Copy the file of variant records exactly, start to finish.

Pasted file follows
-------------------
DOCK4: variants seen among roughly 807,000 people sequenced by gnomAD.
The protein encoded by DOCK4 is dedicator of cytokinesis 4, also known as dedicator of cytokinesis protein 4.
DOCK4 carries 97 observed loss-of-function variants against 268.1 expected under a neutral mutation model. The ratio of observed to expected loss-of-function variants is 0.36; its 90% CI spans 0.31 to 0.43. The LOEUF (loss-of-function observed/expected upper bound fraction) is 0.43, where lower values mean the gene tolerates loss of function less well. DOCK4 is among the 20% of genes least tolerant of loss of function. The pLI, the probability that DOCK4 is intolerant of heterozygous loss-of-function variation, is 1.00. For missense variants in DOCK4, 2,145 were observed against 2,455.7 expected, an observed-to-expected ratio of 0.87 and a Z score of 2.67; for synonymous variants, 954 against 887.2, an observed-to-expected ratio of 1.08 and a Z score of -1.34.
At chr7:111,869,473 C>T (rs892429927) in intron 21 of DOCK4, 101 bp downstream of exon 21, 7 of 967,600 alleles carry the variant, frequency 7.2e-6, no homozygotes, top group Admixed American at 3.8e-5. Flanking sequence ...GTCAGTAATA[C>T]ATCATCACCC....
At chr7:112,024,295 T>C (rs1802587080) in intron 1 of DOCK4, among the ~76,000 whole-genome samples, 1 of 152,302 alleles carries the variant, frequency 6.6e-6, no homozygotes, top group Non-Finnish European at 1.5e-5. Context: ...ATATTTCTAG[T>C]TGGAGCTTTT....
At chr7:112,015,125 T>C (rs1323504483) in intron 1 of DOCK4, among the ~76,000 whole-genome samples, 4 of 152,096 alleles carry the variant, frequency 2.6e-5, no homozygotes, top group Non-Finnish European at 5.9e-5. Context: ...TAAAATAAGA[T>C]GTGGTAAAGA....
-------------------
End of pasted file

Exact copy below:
DOCK4: variants seen among roughly 807,000 people sequenced by gnomAD.
The protein encoded by DOCK4 is dedicator of cytokinesis 4, also known as dedicator of cytokinesis protein 4.
DOCK4 carries 97 observed loss-of-function variants against 268.1 expected under a neutral mutation model. The ratio of observed to expected loss-of-function variants is 0.36; its 90% CI spans 0.31 to 0.43. The LOEUF (loss-of-function observed/expected upper bound fraction) is 0.43, where lower values mean the gene tolerates loss of function less well. DOCK4 is among the 20% of genes least tolerant of loss of function. The pLI, the probability that DOCK4 is intolerant of heterozygous loss-of-function variation, is 1.00. For missense variants in DOCK4, 2,145 were observed against 2,455.7 expected, an observed-to-expected ratio of 0.87 and a Z score of 2.67; for synonymous variants, 954 against 887.2, an observed-to-expected ratio of 1.08 and a Z score of -1.34.
At chr7:111,869,473 C>T (rs892429927) in intron 21 of DOCK4, 101 bp downstream of exon 21, 7 of 967,600 alleles carry the variant, frequency 7.2e-6, no homozygotes, top group Admixed American at 3.8e-5. Flanking sequence ...GTCAGTAATA[C>T]ATCATCACCC....
At chr7:112,024,295 T>C (rs1802587080) in intron 1 of DOCK4, among the ~76,000 whole-genome samples, 1 of 152,302 alleles carries the variant, frequency 6.6e-6, no homozygotes, top group Non-Finnish European at 1.5e-5. Context: ...ATATTTCTAG[T>C]TGGAGCTTTT....
At chr7:112,015,125 T>C (rs1323504483) in intron 1 of DOCK4, among the ~76,000 whole-genome samples, 4 of 152,096 alleles carry the variant, frequency 2.6e-5, no homozygotes, top group Non-Finnish European at 5.9e-5. Context: ...TAAAATAAGA[T>C]GTGGTAAAGA....